In this case, each oven would be a bentonite clay-lined pit about the size of a football field and roughly 200 feet deep; the demonstration capsule will be about three-quarters as large, according to Hartley.

Ore in the pits would be covered with clay and soil, and a network of steel pipes in the ground would heat up and slowly roast it on site. As the ore warms up over a months-long process, the rock turns into hydrocarbon-loaded liquids and gases.

In addition to collecting those liquids, Red Leaf plans to capture the synthetic natural gas byproducts and then use them to keep its operations going.

Hartley estimates that the process would generate 10 times as much energy as it uses.

“Because of that, we believe that it will be largely energy self-sustaining,” he said.

Assuming that the demonstration project is a success, the company plans to repeat that process as it works its way across SITLA lands, building an average of six mine capsules per year over the span of two decades.

“It will take us about 20 years to mine through what we have permitted,” Hartley said, adding that each capsule would eventually be reclaimed.

Living Rivers Executive Director John Weisheit worries that the company’s plans to extract oil from that much rock over that much time would require excessive amounts of energy.

“I think that this is like the most destructive energy project ever, and I’m embarrassed that it’s happening in Utah,” Weisheit said.

It’s preposterous, he said, that the company calls its process “EcoShale.”

Red Leaf’s operations would produce “off-the-chart” greenhouse gas emissions that hasten global climate change, while worsening air quality across Utah, Weisheit said.

“It’s going to become the most heavily polluting process in the world,” he alleged.

Although Weisheit and others have wide-ranging concerns about the project, Dubuc said he narrowed their focus to groundwater quality issues.

Weisheit is especially concerned that the bentonite liner in each pit may not keep pollutants from reaching the groundwater table or the surrounding environment.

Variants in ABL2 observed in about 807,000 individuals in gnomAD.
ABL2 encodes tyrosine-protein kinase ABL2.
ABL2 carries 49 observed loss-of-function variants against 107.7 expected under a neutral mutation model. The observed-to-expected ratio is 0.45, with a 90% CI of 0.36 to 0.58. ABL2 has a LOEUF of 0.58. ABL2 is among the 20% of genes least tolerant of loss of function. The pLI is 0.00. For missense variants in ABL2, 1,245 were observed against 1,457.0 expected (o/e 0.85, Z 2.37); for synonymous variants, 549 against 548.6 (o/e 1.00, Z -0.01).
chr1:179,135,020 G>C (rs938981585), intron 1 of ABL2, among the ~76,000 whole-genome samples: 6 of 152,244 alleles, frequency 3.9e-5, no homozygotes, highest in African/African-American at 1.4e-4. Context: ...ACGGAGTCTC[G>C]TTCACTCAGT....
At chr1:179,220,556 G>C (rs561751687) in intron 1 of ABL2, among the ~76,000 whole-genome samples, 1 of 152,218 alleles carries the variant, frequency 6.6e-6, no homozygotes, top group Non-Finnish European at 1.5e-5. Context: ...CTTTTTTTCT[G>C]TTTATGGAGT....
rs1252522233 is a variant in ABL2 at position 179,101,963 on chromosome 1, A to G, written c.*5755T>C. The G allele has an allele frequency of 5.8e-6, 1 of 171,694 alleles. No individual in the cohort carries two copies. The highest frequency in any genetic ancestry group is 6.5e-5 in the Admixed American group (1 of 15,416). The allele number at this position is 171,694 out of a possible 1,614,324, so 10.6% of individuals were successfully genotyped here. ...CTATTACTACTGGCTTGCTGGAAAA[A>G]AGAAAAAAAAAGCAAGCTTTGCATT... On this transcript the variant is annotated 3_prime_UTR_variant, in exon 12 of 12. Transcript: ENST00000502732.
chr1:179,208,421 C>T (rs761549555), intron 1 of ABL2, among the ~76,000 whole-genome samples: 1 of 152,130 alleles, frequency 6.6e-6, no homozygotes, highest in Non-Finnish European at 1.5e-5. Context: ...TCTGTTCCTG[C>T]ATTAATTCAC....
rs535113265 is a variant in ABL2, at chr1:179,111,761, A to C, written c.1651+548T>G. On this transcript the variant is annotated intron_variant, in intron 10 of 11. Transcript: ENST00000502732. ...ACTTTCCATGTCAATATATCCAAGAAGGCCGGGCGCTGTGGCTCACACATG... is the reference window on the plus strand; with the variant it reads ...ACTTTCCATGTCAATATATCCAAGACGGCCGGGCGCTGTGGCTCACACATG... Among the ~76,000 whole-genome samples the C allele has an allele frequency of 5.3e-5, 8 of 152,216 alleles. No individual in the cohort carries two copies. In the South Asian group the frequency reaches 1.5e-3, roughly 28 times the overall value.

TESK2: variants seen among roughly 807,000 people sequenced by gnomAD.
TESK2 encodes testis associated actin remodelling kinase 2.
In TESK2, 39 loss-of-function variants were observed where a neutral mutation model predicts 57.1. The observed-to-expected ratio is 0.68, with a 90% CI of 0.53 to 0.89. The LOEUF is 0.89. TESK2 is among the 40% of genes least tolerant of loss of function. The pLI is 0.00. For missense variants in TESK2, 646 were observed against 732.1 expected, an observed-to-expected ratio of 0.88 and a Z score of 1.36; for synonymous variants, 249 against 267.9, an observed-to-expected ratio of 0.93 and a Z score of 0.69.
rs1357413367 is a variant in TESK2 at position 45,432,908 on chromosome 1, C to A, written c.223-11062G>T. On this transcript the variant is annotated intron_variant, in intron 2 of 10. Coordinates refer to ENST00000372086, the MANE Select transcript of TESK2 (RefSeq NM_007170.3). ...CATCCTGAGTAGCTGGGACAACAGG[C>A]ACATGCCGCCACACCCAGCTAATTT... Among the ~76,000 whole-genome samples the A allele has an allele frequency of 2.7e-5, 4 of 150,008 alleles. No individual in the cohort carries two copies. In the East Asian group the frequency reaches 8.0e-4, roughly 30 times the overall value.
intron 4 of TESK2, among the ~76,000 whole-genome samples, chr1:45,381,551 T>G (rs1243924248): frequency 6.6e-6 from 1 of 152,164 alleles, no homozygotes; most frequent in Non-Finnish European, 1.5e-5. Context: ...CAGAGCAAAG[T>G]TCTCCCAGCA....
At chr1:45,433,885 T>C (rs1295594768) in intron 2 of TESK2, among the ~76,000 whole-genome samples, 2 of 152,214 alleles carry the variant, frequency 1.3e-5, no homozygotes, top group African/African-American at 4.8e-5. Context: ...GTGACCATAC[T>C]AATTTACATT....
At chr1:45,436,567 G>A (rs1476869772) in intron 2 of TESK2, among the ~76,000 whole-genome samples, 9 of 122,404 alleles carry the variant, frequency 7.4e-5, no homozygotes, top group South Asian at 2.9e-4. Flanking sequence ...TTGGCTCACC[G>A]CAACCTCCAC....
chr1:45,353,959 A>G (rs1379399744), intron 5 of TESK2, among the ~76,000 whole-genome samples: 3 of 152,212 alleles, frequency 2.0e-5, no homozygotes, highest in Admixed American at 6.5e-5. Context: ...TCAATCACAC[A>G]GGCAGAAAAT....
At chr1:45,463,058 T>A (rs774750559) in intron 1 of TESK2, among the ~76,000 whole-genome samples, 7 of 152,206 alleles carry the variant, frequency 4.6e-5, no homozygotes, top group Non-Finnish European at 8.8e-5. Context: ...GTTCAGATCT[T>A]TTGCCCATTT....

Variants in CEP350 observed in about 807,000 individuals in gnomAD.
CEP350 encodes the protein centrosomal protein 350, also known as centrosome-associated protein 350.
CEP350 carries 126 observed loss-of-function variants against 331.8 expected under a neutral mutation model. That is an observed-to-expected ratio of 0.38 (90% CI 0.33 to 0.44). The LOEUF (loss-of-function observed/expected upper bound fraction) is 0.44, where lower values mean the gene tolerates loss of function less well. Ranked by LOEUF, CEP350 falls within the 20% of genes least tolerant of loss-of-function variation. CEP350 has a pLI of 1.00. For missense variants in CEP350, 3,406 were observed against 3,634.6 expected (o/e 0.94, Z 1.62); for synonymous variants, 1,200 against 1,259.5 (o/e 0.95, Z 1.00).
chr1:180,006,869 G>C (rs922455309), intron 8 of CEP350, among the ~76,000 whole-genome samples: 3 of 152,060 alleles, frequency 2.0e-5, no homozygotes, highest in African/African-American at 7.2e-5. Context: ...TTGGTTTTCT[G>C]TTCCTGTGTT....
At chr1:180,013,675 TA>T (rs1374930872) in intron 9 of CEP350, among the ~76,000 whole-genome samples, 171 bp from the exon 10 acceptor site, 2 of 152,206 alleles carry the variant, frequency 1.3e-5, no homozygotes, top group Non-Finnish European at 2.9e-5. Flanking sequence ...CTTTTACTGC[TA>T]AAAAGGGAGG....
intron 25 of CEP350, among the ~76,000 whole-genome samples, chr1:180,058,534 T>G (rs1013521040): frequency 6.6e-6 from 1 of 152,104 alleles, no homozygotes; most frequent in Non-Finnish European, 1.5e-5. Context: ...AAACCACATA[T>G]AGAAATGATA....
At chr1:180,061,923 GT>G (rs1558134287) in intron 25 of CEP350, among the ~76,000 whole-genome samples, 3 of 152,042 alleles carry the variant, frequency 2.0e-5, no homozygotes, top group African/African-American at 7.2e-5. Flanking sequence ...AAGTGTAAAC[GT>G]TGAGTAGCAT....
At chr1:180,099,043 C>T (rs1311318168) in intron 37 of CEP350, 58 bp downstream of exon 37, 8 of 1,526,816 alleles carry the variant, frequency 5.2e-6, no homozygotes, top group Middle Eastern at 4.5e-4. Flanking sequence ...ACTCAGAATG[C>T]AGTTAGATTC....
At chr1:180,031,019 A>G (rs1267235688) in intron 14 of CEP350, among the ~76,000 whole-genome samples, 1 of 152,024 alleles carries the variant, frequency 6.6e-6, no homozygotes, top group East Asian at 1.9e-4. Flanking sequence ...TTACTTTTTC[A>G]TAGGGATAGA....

Red Leaf agreed in June to share its groundwater monitoring data with Living Rivers, and it previously made the same offer to the DWQ. The agency not only declined that offer; it said that groundwater monitoring is “not appropriate” in some instances.

Utah Department of Environmental Quality Public Information Officer Donna Kemp Spangler said the agency cannot comment on the issue due to ongoing litigation.

But during the project permitting phase, the DWQ responded that groundwater monitoring does not always offer “unequivocal evidence” that contaminants have been discharged into an aquifer.

In this case, the agency said it believes that any leachate from the mined shale would actually contain higher-quality water than anything that occurs naturally in the area’s aquifer.

Developer, critics may

never see eye-to-eye

Hartley sees no need to placate environmental activists who say they “will not allow” companies to develop oil shale and tar sands projects in the Book Cliffs.

“If you hate fossil fuels, you’ll never like oil shale,” he said. “But if you recognize that liquid transportation fuels are critical to a vibrant economy, you’ve got to concede that the ‘EcoShale’ process for developing this vast U.S. resource is better than dependence on instable regions like the Middle East or Venezuela.”

Weisheit, however, believes the project’s chief backers have no interest in promoting domestic energy production.

Instead, he maintains that the company’s vendors, including everyone from the region’s food and lodging businesses to steel manufacturers, are pushing the project to rake in Red Leaf’s money.

“These people are just wasting their time, and I resent that,” Weisheit said, adding that if the company wants to promote sustainability and energy independence, it should be building solar panels.